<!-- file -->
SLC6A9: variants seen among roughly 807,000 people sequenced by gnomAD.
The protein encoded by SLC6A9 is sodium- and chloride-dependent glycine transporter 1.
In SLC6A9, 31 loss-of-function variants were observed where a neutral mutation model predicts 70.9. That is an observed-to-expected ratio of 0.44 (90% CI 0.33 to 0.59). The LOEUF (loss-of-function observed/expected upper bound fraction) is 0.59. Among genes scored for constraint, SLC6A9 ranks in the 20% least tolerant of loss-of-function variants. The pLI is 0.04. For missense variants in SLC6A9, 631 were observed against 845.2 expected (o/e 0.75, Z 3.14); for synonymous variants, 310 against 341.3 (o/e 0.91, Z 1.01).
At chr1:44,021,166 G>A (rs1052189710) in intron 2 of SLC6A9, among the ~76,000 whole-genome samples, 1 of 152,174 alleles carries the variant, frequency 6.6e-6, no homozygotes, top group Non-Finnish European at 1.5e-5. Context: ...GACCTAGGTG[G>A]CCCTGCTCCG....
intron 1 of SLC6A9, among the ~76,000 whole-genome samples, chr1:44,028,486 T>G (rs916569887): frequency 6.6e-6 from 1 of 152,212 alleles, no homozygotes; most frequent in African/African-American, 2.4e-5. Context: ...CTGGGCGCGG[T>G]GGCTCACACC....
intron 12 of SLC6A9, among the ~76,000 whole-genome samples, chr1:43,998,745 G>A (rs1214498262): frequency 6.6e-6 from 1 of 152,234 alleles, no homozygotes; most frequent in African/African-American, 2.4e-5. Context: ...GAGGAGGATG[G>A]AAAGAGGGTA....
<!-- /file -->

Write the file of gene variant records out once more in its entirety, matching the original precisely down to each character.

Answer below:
SLC6A9: variants seen among roughly 807,000 people sequenced by gnomAD.
The protein encoded by SLC6A9 is sodium- and chloride-dependent glycine transporter 1.
In SLC6A9, 31 loss-of-function variants were observed where a neutral mutation model predicts 70.9. That is an observed-to-expected ratio of 0.44 (90% CI 0.33 to 0.59). The LOEUF (loss-of-function observed/expected upper bound fraction) is 0.59. Among genes scored for constraint, SLC6A9 ranks in the 20% least tolerant of loss-of-function variants. The pLI is 0.04. For missense variants in SLC6A9, 631 were observed against 845.2 expected (o/e 0.75, Z 3.14); for synonymous variants, 310 against 341.3 (o/e 0.91, Z 1.01).
At chr1:44,021,166 G>A (rs1052189710) in intron 2 of SLC6A9, among the ~76,000 whole-genome samples, 1 of 152,174 alleles carries the variant, frequency 6.6e-6, no homozygotes, top group Non-Finnish European at 1.5e-5. Context: ...GACCTAGGTG[G>A]CCCTGCTCCG....
intron 1 of SLC6A9, among the ~76,000 whole-genome samples, chr1:44,028,486 T>G (rs916569887): frequency 6.6e-6 from 1 of 152,212 alleles, no homozygotes; most frequent in African/African-American, 2.4e-5. Context: ...CTGGGCGCGG[T>G]GGCTCACACC....
intron 12 of SLC6A9, among the ~76,000 whole-genome samples, chr1:43,998,745 G>A (rs1214498262): frequency 6.6e-6 from 1 of 152,234 alleles, no homozygotes; most frequent in African/African-American, 2.4e-5. Context: ...GAGGAGGATG[G>A]AAAGAGGGTA....